Paul O’Connell confirms Ireland career will end at World Cup
Ireland secondrow was ready to retire from game before Toulon came in with offer
IToulon-bound Paul O’Connell in action at Ireland rugby squad training at the Sportsground in Galway. Photograph: Dan Sheridan
Paul O’Connell clarified that while his decision to sign for Toulon represents an exciting opportunity to pen a new chapter in his career, the World Cup will provide the epilogue to his international days.
Ireland’s last game in the tournament, at whatever stage that may be, will be his final appearance in a green jersey, before he embarks on what is in effect an 18-month contract with the three-time European champions. There will be no extension in an Irish context; he’s made his decision.
Speaking at the launch of the new Irish RWC jersey following an opening training session in Galway, he said: “The World Cup will certainly be the end of my Irish rugby career. I will say never. I’m really looking forward to the World Cup but this is going to be the end of my time playing for Ireland.”
He also elaborated on his decision to move to Toulon.
“For me, it is a chance to do something different. I’d say for two years I have been fairly sure that I was going to retire . . . It has been a done deal in my head that I would be retiring after the World Cup from both Munster and Ireland.”
Occasionally those thoughts were infiltrated by a brief desire to play on. Those moments usually passed but his head was turned by a phone call from a friend, Paul Stridgeon, a former strength and conditioning coach with England and the Lions, who has performed the same role for Toulon for the past year and for Wales since the start of the month.
The English man had seen a story linking O’Connell with Pau – the Irishman never spoke to or heard anything from the French club – and asked would he be interested in moving to Toulon.
The Munster secondrow explained: “I said, ‘give me a bit of time and I’ll get back to you.’ I actually got back to him after Christmas and said, ‘look, it is not for me. I am going to fully retire after the World Cup.’ I was very happy with that decision.
“Once I told him that there was a small bit of regret that snuck in. About a month or five weeks later I got another text that they [Toulon] were about to move on another player and asked again would I be interested and to let them know.
“I chatted with Emily [his wife] a little bit about it. The body at the time was feeling really good.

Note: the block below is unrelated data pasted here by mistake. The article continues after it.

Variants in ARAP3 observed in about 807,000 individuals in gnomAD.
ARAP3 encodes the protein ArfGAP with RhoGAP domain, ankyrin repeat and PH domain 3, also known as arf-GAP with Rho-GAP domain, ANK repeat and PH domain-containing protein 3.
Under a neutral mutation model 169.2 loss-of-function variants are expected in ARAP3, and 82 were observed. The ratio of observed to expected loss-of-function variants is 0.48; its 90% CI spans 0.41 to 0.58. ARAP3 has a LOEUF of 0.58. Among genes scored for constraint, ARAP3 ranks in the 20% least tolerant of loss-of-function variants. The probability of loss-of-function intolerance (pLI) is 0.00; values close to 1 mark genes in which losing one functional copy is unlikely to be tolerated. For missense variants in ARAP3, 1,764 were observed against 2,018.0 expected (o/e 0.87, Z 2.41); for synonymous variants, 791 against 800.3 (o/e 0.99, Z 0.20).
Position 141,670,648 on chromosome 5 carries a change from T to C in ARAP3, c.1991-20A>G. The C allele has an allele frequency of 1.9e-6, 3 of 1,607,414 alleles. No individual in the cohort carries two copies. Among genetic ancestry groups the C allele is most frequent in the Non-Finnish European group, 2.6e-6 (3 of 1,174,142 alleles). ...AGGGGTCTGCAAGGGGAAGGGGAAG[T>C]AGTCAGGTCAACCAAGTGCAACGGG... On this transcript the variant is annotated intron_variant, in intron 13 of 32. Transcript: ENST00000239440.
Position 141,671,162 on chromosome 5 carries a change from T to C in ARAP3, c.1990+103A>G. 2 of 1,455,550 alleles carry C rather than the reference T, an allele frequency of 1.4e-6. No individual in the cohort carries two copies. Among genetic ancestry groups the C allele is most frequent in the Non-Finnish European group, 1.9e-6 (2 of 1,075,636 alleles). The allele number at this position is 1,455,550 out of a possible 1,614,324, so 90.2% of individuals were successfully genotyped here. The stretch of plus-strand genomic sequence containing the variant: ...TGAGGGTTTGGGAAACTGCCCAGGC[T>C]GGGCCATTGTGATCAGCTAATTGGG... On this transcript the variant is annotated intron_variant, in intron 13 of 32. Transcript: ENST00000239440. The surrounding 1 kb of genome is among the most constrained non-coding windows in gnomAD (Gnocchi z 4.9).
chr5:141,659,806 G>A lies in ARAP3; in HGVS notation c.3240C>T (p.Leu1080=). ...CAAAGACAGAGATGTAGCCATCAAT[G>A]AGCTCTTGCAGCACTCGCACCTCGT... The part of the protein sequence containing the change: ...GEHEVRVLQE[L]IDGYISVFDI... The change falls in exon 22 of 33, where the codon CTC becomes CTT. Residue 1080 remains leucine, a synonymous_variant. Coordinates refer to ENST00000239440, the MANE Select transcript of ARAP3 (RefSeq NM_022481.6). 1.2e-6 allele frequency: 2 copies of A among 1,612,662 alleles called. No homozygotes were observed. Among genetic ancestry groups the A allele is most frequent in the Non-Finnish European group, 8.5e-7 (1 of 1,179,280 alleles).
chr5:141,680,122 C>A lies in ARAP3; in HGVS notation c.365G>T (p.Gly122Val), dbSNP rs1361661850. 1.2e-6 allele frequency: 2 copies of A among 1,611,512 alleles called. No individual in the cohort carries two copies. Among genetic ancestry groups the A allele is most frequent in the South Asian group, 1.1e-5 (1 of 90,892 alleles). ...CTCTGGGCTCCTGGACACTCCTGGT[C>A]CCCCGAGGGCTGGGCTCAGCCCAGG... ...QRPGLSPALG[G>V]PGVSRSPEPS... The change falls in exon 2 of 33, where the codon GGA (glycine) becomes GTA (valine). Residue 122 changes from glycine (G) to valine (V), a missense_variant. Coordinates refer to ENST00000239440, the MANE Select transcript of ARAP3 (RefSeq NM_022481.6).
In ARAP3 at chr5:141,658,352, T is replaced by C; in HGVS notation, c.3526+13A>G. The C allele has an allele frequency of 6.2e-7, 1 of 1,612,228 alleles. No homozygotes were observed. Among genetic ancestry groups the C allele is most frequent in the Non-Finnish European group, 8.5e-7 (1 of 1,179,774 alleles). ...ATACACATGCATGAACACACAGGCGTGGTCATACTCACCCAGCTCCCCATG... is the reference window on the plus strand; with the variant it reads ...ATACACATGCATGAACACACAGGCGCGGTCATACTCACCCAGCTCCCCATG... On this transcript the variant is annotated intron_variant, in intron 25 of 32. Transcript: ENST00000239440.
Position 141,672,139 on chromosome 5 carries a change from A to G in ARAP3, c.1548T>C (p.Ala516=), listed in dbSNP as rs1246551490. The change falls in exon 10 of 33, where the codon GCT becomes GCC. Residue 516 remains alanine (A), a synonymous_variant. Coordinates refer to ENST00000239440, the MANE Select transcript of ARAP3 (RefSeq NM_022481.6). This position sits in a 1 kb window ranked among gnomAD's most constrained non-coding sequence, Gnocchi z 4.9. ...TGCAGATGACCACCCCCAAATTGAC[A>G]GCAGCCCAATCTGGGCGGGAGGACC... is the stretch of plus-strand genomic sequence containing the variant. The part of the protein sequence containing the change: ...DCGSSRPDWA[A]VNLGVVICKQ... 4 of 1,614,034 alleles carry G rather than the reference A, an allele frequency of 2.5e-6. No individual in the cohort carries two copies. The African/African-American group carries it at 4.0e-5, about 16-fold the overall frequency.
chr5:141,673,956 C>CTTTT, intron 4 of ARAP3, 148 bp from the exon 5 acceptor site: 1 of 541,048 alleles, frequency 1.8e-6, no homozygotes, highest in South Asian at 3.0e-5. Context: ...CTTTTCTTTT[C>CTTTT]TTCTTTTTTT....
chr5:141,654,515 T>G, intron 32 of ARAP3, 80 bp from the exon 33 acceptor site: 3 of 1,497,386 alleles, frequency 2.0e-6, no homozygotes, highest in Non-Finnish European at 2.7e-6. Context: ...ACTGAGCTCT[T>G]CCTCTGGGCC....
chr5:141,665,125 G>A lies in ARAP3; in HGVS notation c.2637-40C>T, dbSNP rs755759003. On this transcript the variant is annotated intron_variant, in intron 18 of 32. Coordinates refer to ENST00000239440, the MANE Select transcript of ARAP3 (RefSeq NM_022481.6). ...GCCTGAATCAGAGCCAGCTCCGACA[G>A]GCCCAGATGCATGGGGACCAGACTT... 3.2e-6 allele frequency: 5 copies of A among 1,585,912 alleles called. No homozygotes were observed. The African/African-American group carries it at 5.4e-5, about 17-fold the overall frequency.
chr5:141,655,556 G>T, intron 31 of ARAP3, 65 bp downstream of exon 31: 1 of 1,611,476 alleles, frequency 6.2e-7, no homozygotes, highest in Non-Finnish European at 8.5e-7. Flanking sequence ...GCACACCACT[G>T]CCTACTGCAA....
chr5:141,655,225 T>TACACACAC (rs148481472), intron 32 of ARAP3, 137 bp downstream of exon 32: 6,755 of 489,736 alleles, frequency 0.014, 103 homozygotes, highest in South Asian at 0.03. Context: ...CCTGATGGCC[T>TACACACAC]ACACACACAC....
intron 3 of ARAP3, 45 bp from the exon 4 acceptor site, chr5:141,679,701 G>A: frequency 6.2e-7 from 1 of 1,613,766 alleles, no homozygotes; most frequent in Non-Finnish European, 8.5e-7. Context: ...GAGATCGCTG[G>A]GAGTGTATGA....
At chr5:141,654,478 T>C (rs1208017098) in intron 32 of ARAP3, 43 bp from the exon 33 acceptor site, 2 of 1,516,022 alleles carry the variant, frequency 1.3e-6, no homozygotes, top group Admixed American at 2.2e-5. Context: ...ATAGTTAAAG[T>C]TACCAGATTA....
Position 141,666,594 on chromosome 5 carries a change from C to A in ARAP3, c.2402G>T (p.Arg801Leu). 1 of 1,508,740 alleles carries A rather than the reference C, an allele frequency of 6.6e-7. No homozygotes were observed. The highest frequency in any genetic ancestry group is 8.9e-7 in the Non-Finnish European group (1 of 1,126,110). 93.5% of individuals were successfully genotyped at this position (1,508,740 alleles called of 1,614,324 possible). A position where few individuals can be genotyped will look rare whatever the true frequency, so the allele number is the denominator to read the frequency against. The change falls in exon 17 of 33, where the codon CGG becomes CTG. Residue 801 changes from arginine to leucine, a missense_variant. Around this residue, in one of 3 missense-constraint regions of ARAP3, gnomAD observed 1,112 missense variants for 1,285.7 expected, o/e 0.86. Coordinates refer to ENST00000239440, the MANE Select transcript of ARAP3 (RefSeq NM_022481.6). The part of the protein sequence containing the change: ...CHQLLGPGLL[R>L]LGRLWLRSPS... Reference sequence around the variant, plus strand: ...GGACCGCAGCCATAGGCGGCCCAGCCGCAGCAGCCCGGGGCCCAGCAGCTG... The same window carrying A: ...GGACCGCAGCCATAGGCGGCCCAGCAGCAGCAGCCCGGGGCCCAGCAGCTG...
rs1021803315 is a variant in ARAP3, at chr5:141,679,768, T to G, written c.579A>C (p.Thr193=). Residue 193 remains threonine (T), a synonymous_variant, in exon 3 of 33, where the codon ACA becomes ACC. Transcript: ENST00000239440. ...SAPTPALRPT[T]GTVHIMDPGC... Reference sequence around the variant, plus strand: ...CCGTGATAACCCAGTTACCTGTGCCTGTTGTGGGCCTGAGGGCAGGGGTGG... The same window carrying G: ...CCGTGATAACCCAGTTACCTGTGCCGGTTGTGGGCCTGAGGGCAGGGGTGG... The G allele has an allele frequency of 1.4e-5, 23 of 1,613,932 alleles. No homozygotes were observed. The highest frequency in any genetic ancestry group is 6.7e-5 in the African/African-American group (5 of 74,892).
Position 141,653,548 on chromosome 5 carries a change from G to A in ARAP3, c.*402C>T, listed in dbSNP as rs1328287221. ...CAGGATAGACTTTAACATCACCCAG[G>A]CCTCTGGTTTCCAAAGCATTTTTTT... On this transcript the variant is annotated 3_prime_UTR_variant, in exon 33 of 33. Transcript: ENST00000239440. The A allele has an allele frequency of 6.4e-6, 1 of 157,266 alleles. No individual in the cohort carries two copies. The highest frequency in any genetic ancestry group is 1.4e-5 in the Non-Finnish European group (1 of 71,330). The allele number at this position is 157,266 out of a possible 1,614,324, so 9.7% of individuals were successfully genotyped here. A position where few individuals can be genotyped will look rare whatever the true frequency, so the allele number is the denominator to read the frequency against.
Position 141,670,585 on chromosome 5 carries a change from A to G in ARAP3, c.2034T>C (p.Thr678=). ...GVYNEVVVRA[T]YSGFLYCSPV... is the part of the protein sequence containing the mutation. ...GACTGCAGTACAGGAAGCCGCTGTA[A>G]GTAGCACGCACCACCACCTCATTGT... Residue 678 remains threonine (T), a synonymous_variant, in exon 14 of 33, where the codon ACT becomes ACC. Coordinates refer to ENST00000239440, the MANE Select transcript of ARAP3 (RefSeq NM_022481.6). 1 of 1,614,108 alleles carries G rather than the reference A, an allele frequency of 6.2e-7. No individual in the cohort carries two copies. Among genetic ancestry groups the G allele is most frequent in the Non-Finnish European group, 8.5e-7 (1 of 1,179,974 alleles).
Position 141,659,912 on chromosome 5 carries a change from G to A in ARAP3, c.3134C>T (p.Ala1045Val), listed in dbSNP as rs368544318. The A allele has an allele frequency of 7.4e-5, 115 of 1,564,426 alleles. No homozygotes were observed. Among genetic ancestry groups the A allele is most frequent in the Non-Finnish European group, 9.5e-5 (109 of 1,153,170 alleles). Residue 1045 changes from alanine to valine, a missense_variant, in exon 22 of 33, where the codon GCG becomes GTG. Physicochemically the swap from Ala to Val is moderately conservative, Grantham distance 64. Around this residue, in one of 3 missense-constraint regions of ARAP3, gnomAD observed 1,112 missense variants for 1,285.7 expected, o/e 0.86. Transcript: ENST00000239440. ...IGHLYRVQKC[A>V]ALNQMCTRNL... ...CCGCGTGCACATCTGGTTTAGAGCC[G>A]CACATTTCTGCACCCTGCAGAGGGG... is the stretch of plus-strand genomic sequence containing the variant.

“I just said to them, ‘look, I would be interested but I can’t talk to a club while I am playing for Munster but if you are willing to wait until the summer, I’ll certainly talk to you and look at doing something.’
“That was basically it. I went down about two weeks after the Pro12 final and agreed to join them.
“Whatever I do after rugby, whether it’s inside or outside rugby, I’ll be better at it for having done it. It is just an opportunity to do something different. Emily was really eager to do it. The kids are a good age for it.
“Obviously it’s a very different club to a lot of clubs in Europe. It was a great opportunity for me from a rugby point of view and a lifestyle perspective to experience something.
“If they [Toulon] had moved on I would probably have gone somewhere else [in France]. Even with the IRFU, and when I spoke to them and said, ‘if this is an issue, I’m actually very happy to retire’. I didn’t want to cause trouble. I know this is a situation where it is going to be a battle for them holding on to players and me going to Toulon probably isn’t ideal for them. As I said earlier, I am very grateful to them for doing that.”
O’Connell will firm up a fortnight’s break after the World Cup with his club but there are no other preconditions in regards to game time.
“I don’t have anything in my contract around getting every second Saturday off. They have a very big squad and they look after their older players very well over there. Chatting to Nathan Hines, he said one of the things that helped him play on was retiring from international rugby.
“On those autumn and Six Nations windows you get the time to rest up a little bit. That’s what I would be hoping to do.”
He said he had spoken to Jonny Sexton about life in France but the most persuasive influence was Emily; that, and the opportunity to challenge himself on the pitch one final time.
He spoke about being nervous when the Champions Cup draw was being made. “Part of it would have been great; part of it would have been horrible. Now we’re after getting Leinster, which makes it very interesting.”
And life after rugby? “Once you hit 30, it’s probably in your mind 50 per cent of the time; once you hit 35, it’s in your mind 90 per cent of the time. I have a few decisions made in that regard but nothing firm.”
There are likely to be a few twists and turns to the narrative yet.